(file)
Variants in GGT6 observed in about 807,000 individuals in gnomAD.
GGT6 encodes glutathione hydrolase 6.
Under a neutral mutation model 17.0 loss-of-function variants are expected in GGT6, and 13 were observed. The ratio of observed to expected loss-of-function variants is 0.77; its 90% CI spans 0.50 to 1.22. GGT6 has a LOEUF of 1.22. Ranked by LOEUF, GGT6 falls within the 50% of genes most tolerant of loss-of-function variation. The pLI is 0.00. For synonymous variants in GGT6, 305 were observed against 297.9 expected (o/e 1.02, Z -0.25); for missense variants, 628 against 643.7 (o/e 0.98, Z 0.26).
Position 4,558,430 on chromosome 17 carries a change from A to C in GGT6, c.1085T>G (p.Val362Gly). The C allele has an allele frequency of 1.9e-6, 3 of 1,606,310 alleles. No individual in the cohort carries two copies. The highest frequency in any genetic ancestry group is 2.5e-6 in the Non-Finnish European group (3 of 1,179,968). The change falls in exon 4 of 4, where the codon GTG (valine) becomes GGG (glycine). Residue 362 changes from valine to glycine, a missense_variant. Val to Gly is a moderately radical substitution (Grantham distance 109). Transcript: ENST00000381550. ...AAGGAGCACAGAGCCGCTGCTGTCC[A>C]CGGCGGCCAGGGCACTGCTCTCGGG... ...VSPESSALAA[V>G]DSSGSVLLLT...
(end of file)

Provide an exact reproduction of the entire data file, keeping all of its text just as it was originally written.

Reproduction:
Variants in GGT6 observed in about 807,000 individuals in gnomAD.
GGT6 encodes glutathione hydrolase 6.
Under a neutral mutation model 17.0 loss-of-function variants are expected in GGT6, and 13 were observed. The ratio of observed to expected loss-of-function variants is 0.77; its 90% CI spans 0.50 to 1.22. GGT6 has a LOEUF of 1.22. Ranked by LOEUF, GGT6 falls within the 50% of genes most tolerant of loss-of-function variation. The pLI is 0.00. For synonymous variants in GGT6, 305 were observed against 297.9 expected (o/e 1.02, Z -0.25); for missense variants, 628 against 643.7 (o/e 0.98, Z 0.26).
Position 4,558,430 on chromosome 17 carries a change from A to C in GGT6, c.1085T>G (p.Val362Gly). The C allele has an allele frequency of 1.9e-6, 3 of 1,606,310 alleles. No individual in the cohort carries two copies. The highest frequency in any genetic ancestry group is 2.5e-6 in the Non-Finnish European group (3 of 1,179,968). The change falls in exon 4 of 4, where the codon GTG (valine) becomes GGG (glycine). Residue 362 changes from valine to glycine, a missense_variant. Val to Gly is a moderately radical substitution (Grantham distance 109). Transcript: ENST00000381550. ...AAGGAGCACAGAGCCGCTGCTGTCC[A>C]CGGCGGCCAGGGCACTGCTCTCGGG... ...VSPESSALAA[V>G]DSSGSVLLLT...